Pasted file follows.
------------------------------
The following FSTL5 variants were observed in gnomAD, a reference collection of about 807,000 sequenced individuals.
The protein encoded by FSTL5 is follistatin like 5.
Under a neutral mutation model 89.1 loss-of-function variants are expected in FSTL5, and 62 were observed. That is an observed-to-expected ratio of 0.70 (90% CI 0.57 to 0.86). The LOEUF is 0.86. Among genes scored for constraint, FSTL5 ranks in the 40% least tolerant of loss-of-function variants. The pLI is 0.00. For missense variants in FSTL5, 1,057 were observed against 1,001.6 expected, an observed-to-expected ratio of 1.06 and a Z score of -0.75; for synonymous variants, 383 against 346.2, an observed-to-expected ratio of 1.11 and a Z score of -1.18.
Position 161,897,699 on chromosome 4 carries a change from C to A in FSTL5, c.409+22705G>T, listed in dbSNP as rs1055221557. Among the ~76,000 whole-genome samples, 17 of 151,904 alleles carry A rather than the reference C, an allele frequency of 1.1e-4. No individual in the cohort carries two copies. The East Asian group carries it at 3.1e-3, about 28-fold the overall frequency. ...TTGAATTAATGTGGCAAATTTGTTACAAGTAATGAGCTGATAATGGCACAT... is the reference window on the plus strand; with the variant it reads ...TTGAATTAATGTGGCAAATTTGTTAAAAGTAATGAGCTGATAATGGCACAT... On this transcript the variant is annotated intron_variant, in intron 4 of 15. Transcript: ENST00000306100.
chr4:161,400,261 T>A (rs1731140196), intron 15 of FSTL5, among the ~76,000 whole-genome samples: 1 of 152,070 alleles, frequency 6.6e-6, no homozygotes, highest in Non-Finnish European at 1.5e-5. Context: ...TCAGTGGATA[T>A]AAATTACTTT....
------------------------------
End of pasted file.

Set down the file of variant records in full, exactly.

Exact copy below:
The following FSTL5 variants were observed in gnomAD, a reference collection of about 807,000 sequenced individuals.
The protein encoded by FSTL5 is follistatin like 5.
Under a neutral mutation model 89.1 loss-of-function variants are expected in FSTL5, and 62 were observed. That is an observed-to-expected ratio of 0.70 (90% CI 0.57 to 0.86). The LOEUF is 0.86. Among genes scored for constraint, FSTL5 ranks in the 40% least tolerant of loss-of-function variants. The pLI is 0.00. For missense variants in FSTL5, 1,057 were observed against 1,001.6 expected, an observed-to-expected ratio of 1.06 and a Z score of -0.75; for synonymous variants, 383 against 346.2, an observed-to-expected ratio of 1.11 and a Z score of -1.18.
Position 161,897,699 on chromosome 4 carries a change from C to A in FSTL5, c.409+22705G>T, listed in dbSNP as rs1055221557. Among the ~76,000 whole-genome samples, 17 of 151,904 alleles carry A rather than the reference C, an allele frequency of 1.1e-4. No individual in the cohort carries two copies. The East Asian group carries it at 3.1e-3, about 28-fold the overall frequency. ...TTGAATTAATGTGGCAAATTTGTTACAAGTAATGAGCTGATAATGGCACAT... is the reference window on the plus strand; with the variant it reads ...TTGAATTAATGTGGCAAATTTGTTAAAAGTAATGAGCTGATAATGGCACAT... On this transcript the variant is annotated intron_variant, in intron 4 of 15. Transcript: ENST00000306100.
chr4:161,400,261 T>A (rs1731140196), intron 15 of FSTL5, among the ~76,000 whole-genome samples: 1 of 152,070 alleles, frequency 6.6e-6, no homozygotes, highest in Non-Finnish European at 1.5e-5. Context: ...TCAGTGGATA[T>A]AAATTACTTT....